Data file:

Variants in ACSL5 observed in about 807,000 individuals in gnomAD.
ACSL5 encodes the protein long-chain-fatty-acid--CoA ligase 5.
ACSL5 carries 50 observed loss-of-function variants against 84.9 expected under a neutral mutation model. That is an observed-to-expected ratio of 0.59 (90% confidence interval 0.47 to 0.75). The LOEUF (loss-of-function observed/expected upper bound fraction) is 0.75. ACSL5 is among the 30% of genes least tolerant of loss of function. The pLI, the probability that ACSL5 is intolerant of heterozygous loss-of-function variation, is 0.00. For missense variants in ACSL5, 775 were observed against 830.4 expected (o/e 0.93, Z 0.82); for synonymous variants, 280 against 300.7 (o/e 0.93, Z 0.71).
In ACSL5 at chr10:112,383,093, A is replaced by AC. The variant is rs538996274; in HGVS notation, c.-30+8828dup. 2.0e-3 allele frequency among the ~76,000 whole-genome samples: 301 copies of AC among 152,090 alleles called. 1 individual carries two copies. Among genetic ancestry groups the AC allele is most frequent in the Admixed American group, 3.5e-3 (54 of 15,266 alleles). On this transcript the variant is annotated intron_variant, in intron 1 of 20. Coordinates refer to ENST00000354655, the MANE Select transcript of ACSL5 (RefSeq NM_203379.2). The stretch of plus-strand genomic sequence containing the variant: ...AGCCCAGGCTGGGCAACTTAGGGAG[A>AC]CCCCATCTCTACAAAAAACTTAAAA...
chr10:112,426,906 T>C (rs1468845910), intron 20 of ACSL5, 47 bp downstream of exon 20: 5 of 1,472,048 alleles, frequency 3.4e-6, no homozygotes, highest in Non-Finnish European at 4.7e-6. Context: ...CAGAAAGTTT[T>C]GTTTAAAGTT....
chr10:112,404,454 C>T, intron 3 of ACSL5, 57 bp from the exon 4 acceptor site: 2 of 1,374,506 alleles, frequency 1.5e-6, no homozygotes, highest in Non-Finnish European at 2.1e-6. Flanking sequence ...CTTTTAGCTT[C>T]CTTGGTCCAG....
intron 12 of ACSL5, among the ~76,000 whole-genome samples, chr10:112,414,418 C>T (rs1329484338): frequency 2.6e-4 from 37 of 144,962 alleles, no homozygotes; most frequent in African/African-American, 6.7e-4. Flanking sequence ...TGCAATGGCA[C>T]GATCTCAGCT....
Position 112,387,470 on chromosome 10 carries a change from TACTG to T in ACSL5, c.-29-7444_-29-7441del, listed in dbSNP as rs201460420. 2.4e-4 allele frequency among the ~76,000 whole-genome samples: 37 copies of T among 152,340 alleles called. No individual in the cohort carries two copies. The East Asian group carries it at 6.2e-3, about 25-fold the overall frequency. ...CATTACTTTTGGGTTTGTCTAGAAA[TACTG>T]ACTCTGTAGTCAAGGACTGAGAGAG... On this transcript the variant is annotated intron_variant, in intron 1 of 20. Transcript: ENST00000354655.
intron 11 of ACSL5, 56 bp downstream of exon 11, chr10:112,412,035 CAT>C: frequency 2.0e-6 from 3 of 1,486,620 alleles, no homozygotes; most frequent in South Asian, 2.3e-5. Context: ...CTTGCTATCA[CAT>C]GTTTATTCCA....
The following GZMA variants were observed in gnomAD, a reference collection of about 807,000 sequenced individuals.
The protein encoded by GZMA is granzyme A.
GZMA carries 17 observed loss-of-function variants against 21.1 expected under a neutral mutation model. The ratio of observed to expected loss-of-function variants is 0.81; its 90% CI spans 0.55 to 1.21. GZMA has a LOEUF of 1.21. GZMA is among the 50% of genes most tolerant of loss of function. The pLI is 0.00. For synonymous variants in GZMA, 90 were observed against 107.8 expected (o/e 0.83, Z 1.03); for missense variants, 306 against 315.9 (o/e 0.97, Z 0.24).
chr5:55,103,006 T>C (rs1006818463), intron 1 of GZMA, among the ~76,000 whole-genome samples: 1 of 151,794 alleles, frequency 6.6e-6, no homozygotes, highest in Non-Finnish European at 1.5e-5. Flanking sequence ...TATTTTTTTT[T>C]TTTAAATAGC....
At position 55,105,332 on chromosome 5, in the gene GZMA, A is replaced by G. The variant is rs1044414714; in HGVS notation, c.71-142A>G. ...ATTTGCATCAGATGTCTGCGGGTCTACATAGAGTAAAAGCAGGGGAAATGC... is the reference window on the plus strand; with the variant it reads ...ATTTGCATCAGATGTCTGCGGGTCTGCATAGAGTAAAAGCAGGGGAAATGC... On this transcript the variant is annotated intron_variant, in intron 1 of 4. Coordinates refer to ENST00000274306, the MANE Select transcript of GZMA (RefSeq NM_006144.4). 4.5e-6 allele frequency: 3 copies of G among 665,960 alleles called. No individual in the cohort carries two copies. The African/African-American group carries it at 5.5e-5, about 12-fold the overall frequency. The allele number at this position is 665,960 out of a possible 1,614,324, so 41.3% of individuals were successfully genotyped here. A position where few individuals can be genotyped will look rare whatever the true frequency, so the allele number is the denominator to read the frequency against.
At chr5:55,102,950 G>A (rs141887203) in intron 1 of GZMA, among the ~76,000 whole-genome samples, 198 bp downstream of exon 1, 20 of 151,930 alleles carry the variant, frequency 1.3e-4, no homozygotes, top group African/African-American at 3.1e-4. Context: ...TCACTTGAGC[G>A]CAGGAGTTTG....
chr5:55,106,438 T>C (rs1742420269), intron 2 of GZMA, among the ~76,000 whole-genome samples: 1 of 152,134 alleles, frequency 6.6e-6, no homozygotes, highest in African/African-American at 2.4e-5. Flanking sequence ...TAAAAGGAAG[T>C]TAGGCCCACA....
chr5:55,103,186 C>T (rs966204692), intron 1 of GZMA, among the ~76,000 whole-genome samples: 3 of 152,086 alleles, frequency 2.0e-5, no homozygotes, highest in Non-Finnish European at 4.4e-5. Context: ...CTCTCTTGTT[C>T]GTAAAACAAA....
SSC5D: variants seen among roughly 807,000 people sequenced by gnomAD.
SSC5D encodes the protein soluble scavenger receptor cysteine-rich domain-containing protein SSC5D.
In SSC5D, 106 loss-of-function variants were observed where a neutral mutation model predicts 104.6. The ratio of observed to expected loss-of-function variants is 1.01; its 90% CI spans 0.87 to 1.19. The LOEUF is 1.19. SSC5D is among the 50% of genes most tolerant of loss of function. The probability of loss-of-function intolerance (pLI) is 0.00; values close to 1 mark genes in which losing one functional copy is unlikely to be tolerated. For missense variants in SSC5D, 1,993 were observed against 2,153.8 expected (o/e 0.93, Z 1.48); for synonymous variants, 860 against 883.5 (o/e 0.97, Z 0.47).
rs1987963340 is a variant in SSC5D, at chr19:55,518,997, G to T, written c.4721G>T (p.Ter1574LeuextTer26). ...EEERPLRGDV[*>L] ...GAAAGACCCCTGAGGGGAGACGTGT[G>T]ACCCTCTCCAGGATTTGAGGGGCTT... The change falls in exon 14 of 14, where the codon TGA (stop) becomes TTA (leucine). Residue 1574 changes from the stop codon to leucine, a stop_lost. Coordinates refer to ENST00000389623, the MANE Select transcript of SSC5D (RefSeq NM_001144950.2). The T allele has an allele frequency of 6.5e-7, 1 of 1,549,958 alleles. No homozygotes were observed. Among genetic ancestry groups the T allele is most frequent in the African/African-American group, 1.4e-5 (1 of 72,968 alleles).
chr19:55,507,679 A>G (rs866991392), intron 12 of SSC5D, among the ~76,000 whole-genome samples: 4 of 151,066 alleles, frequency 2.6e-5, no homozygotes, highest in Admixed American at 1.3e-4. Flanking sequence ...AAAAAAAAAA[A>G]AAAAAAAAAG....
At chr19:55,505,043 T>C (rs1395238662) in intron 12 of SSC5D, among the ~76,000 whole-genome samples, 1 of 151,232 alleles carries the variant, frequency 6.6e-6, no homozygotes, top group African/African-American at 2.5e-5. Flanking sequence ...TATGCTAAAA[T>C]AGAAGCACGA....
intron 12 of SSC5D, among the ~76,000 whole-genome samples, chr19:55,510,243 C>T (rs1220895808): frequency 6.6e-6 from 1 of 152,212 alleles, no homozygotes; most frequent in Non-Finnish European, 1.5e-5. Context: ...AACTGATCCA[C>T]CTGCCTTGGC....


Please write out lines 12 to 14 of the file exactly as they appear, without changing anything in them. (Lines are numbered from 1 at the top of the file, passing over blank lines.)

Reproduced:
GZMA carries 17 observed loss-of-function variants against 21.1 expected under a neutral mutation model. The ratio of observed to expected loss-of-function variants is 0.81; its 90% CI spans 0.55 to 1.21. GZMA has a LOEUF of 1.21. GZMA is among the 50% of genes most tolerant of loss of function. The pLI is 0.00. For synonymous variants in GZMA, 90 were observed against 107.8 expected (o/e 0.83, Z 1.03); for missense variants, 306 against 315.9 (o/e 0.97, Z 0.24).
chr5:55,103,006 T>C (rs1006818463), intron 1 of GZMA, among the ~76,000 whole-genome samples: 1 of 151,794 alleles, frequency 6.6e-6, no homozygotes, highest in Non-Finnish European at 1.5e-5. Flanking sequence ...TATTTTTTTT[T>C]TTTAAATAGC....
At position 55,105,332 on chromosome 5, in the gene GZMA, A is replaced by G. The variant is rs1044414714; in HGVS notation, c.71-142A>G. ...ATTTGCATCAGATGTCTGCGGGTCTACATAGAGTAAAAGCAGGGGAAATGC... is the reference window on the plus strand; with the variant it reads ...ATTTGCATCAGATGTCTGCGGGTCTGCATAGAGTAAAAGCAGGGGAAATGC... On this transcript the variant is annotated intron_variant, in intron 1 of 4. Coordinates refer to ENST00000274306, the MANE Select transcript of GZMA (RefSeq NM_006144.4). 4.5e-6 allele frequency: 3 copies of G among 665,960 alleles called. No individual in the cohort carries two copies. The African/African-American group carries it at 5.5e-5, about 12-fold the overall frequency. The allele number at this position is 665,960 out of a possible 1,614,324, so 41.3% of individuals were successfully genotyped here. A position where few individuals can be genotyped will look rare whatever the true frequency, so the allele number is the denominator to read the frequency against.